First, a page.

Kids who had a concussion may need to stay home from school

When student athletes get a concussion, they are held off the playing field until they are deemed healthy enough to return. Now, the American Academy of Pediatrics (AAP) is recommending that they should also be held out of the classroom.

"Students appear physically normal after a concussion, so it may be difficult for teachers and administrators to understand the extent of the child's injuries and recognize the potential need for academic adjustments," lead author Dr. Mark Halstead, an assistant professor in the division of orthopedic surgery in non-operative sports medicine at Washington University of Medicine in St. Louis, said in a press release.

"But we know that children who've had a concussion may have trouble learning new material and remembering what they've learned, and returning to academics may worsen concussion symptoms."

The authors reported that a typical school-aged student will recover from a concussion within three weeks.

However, if the symptoms are severe, some students may need to stay home to recuperate. Parents might want to consider alternative academic arrangements if the symptoms are severe or last longer than three weeks.

If the symptoms are mild or tolerable, the student can return to school, but they may need some additional changes to their academic course load until they are back to normal.

Students should be back to their regular academic performance before they are allowed to return to their sports.

Previous studies have shown that in kids, the brain changes caused by concussions can last for months. A recent Journal of Neuroscience study showed children who suffered concussions had different white matter structures (a portion of the central nervous system that facilitates signal transmission in the brain) compared to healthy kids, and they also scored worse on cognitive tests.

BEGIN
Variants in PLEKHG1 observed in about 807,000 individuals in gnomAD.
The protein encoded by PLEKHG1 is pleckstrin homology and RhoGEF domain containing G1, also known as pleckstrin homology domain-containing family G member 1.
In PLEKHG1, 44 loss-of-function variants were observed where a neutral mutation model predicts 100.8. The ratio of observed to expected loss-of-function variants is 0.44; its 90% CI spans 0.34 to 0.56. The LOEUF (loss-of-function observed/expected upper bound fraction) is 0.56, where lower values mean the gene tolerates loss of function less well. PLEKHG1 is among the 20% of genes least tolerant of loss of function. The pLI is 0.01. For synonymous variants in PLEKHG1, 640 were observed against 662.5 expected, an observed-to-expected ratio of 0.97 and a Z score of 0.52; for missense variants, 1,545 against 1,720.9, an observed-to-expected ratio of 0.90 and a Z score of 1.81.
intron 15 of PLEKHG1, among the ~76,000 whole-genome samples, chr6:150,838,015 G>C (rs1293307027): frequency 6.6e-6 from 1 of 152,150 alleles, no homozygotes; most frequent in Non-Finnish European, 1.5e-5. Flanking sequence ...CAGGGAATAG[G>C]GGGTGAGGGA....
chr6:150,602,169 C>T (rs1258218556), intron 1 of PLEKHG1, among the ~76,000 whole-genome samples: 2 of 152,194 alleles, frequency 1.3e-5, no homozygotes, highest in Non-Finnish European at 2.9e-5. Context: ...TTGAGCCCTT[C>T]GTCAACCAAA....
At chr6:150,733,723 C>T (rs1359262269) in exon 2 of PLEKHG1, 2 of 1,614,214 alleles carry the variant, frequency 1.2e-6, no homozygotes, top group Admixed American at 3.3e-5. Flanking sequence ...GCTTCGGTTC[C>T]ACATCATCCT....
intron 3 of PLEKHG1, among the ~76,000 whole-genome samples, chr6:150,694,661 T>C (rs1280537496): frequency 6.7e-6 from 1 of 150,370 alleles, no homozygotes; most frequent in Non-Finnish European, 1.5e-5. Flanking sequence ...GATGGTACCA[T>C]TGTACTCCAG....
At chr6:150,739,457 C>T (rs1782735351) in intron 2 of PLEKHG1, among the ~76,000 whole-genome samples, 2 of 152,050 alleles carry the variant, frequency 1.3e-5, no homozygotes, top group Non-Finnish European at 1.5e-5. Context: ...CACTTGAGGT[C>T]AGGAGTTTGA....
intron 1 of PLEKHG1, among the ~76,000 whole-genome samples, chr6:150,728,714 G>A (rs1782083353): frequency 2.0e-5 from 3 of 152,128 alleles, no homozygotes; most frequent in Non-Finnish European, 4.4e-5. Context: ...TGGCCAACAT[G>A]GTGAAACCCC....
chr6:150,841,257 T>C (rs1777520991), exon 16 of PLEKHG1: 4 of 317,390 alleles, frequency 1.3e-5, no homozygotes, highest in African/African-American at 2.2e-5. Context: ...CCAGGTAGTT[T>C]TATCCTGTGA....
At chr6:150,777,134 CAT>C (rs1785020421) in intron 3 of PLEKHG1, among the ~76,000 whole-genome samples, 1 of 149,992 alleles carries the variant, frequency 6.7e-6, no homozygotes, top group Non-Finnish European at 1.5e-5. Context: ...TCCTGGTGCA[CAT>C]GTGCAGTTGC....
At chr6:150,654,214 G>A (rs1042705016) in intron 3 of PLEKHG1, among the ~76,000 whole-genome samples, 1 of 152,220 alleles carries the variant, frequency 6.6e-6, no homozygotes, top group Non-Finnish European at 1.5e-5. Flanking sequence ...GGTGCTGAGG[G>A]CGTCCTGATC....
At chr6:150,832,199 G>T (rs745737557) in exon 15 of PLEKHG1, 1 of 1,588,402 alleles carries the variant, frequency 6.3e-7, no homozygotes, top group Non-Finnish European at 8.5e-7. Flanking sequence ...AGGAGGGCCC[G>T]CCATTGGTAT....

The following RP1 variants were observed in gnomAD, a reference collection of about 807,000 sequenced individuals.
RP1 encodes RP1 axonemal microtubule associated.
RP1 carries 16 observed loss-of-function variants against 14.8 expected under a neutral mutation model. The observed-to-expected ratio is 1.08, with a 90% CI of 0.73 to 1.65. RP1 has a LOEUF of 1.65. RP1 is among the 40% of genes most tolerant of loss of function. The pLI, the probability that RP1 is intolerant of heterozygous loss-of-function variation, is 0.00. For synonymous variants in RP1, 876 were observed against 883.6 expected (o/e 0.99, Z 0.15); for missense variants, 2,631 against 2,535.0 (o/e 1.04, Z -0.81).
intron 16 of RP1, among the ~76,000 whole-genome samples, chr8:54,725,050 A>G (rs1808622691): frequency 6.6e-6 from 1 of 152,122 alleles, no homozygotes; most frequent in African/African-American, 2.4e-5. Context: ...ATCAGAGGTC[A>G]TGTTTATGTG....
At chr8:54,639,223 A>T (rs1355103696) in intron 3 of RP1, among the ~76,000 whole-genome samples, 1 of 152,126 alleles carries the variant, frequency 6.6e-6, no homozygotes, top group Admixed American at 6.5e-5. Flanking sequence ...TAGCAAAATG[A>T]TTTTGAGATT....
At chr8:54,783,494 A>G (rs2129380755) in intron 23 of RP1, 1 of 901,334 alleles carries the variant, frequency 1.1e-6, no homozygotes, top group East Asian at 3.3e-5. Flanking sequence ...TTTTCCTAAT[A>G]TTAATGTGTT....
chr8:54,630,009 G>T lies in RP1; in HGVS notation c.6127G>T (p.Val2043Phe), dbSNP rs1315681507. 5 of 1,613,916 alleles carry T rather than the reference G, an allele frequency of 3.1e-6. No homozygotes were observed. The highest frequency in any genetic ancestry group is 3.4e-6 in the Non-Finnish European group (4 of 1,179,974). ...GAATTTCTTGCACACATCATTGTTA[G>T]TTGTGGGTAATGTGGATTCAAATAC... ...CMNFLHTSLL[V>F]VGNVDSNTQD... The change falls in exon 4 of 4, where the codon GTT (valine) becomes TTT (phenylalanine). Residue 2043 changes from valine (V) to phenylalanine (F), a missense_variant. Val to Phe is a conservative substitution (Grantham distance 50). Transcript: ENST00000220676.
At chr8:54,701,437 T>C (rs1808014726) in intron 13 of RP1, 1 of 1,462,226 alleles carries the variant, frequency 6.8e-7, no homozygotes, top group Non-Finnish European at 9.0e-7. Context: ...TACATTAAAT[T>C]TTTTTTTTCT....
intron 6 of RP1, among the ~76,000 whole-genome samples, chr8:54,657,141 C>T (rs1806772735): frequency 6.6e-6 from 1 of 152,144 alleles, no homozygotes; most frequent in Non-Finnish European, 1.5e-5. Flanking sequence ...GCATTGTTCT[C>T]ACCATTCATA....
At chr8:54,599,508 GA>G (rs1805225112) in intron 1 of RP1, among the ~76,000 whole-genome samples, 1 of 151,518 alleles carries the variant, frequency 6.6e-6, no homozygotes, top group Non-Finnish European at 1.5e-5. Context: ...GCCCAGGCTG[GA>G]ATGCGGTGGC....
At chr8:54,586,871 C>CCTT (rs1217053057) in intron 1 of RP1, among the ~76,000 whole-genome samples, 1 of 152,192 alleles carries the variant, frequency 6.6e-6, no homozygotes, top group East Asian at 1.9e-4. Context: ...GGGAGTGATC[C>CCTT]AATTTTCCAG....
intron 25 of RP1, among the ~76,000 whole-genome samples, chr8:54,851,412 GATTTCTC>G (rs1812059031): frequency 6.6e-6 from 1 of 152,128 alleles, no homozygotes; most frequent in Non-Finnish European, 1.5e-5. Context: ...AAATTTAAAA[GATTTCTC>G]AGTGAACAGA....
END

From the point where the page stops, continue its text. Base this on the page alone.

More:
Research in the Archives of Pediatrics and Adolescent Medicine showed that even children with mild concussions may have attention and memory problems up to a year after their injury.

The AAP recommended in March that if a doctor is unclear about the severity of a child's concussion, they should be kept off the field. Previous advice graded the severity of the concussion, and then made suggestions as to how long the player should be kept out of the game based on the severity of the head injury.

The AAP also recommended in the new report that there be a collaborative team to help a student who has a concussion. This includes the child's or adolescent's pediatrician, family members, and staff at the child's school who handle the student's academic and physical schedule.

"Every concussion is unique and symptoms will vary from student to student, so managing a student's return to the classroom will require an individualized approach," Halstead said. "The goal is to minimize disruptions to the student's life and return the student to school as soon as possible, and as symptoms improve, to increase the student's social, mental and physical activities."

The information was published online on Oct. 27 in Pediatrics.